Another good thing about this car was that the original number plates came with it. From these I managed to retrieve the registration and in due course I received a nice new V5C from Swansea. The plates were quite heavy steel backs with aluminium numerals that were in turn coated with plastic. The plastic had started to flake so I decided to scrape the remainder off and after a while with much elbow grease they came up good. Picture shows the change prior to painting. I masked the numerals and gave the plates a few coats of satin black. Its satisfying to recover original parts even if the 'look' is not quite original. I never liked that white plastic look anyway.
You will notice the gearbox is back but this is not the one that came with the car which has a lump broken out of the bell housing over the starter bendix arch. I overhauled a spare box as the bronze bearing in the middle of the drive train is usually worn but the original box will get rebuilt one day and I will make a goodenough repair to that missing piece to keep the bulk of the dirt out.
Currently, I have painted the chassis underneath including the propshaft tunnel and the rear floor. The rusty metal was scraped, wire brushed, treated with rust converter, primed, then 2 coats of matt black before a few coats of satin chassis black (sprayed). The reason for doing the chassis at this time was because I had stripped and overhauled the rear axle and torque tube and these were in my way. Only solution was to refit them and before so doing I had to paint the chassis. Then I had to fit the gearbox to keep the torque tube in position. I had previously done the similar job on the front axle so the front end of the chassis has been done too. Another thing about the rear axle - these cars run the rear hub bearings on the cast iron ends of the axle and they wear on the underside even if greased regularly. The answer is a repair kit that replaces the old bearing with a new needle roller set with hardened sleeves that are Loctited onto the worn ends of the axle. The back spring was not as rust free as the front but good enough with a light coat of grease. I will get round to finishing it later in the build. I might just use rust converter as this comes up a nice dark metallic colour.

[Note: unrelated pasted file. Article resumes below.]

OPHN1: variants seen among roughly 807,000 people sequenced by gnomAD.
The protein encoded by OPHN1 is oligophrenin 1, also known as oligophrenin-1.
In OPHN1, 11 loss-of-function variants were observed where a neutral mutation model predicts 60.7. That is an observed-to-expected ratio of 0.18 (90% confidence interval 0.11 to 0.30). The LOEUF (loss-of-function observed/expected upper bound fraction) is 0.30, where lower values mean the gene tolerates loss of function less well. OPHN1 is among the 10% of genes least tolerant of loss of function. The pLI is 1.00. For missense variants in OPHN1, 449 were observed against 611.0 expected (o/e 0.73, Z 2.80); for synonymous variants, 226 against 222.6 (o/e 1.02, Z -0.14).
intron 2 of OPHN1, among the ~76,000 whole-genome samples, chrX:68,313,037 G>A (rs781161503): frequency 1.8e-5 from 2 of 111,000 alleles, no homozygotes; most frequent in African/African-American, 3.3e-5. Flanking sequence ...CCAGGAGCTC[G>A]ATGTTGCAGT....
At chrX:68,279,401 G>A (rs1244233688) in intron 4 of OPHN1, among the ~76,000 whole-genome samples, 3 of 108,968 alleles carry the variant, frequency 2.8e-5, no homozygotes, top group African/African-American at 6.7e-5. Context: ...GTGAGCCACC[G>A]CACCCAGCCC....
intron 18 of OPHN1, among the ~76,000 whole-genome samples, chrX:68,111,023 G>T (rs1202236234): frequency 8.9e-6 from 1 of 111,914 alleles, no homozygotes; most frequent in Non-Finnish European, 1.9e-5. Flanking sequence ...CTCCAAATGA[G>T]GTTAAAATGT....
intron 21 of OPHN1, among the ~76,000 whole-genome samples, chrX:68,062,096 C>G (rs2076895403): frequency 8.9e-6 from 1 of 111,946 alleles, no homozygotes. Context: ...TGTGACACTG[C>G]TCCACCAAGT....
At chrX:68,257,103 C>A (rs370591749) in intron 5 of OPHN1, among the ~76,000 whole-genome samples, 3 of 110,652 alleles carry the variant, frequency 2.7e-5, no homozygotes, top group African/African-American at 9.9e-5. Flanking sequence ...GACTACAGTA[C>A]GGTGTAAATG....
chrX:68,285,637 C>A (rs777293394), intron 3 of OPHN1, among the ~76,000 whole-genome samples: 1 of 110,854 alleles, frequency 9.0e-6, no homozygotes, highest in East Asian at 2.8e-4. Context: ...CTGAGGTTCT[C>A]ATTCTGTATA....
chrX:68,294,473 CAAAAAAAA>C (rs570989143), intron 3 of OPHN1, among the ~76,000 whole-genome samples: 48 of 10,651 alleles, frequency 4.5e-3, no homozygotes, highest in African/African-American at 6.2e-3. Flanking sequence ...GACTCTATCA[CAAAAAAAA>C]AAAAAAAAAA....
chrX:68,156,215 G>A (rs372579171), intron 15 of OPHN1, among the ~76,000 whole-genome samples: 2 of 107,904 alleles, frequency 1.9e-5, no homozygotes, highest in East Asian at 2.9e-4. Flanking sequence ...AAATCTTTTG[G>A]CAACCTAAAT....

The wheel rims were not too rusty so I popped the tyres off the beads, rubbed them down, treated the rust in a few places, made some cardboard masking pieces to slip behind the rim and then sprayed them with some wheel silver bought from ebay. Advantage of this was that the tyres kept the rim up off the deck when laid across two pieces of wood so I could do front and back at one shot. Not brilliant finish but will do for now. The tyres may just get me out for a few test rides but I reckon they must be 30 or 40 years old. Pity is 2 of them must have done zero miles as the moulding flashing is still there down the middle.
The tyres have done about 5 miles as I had to transfer it to my sons garage before doing the welding. I have a tow bar so made a flat steel 'eye' to bolt on the chassis. All seemed straightforward and I coaxed my wife into being my accomplice. I attached the tow board to the back of the car and hitched to my van. I asked my wife if she wanted to drive the van or the car, being a gentleman I gave her the choice. She opted for the car. Picture this dusty car with open roof, debatable brakes and unknown steering. I salute her courage. Anyway we set off hoping the constabulary were all at breakfast mid-morning. Most memorable things were seeing people's expressions as they overtook or stood at the kerbside - blank disbelief, and also every time I braked the old girl (the car) lurched to the right as the towing eye was not central. When we got to my son's she said "never again". Perhaps if there is another call of duty she might accept the van instead.